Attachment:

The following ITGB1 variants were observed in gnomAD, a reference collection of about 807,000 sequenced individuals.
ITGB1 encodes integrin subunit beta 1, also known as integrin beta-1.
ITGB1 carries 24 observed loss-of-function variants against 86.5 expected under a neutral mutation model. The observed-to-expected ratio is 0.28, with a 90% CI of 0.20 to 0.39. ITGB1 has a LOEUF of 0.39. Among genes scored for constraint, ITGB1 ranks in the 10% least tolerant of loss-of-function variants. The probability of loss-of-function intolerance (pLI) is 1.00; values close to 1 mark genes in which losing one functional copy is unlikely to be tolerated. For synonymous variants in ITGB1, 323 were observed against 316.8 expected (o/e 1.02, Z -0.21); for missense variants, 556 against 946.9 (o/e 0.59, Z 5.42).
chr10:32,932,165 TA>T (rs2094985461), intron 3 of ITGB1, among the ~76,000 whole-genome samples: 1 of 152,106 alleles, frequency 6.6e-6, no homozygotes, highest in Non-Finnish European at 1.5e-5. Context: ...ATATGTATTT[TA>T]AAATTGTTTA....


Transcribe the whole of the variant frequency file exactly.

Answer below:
The following ITGB1 variants were observed in gnomAD, a reference collection of about 807,000 sequenced individuals.
ITGB1 encodes integrin subunit beta 1, also known as integrin beta-1.
ITGB1 carries 24 observed loss-of-function variants against 86.5 expected under a neutral mutation model. The observed-to-expected ratio is 0.28, with a 90% CI of 0.20 to 0.39. ITGB1 has a LOEUF of 0.39. Among genes scored for constraint, ITGB1 ranks in the 10% least tolerant of loss-of-function variants. The probability of loss-of-function intolerance (pLI) is 1.00; values close to 1 mark genes in which losing one functional copy is unlikely to be tolerated. For synonymous variants in ITGB1, 323 were observed against 316.8 expected (o/e 1.02, Z -0.21); for missense variants, 556 against 946.9 (o/e 0.59, Z 5.42).
chr10:32,932,165 TA>T (rs2094985461), intron 3 of ITGB1, among the ~76,000 whole-genome samples: 1 of 152,106 alleles, frequency 6.6e-6, no homozygotes, highest in Non-Finnish European at 1.5e-5. Context: ...ATATGTATTT[TA>T]AAATTGTTTA....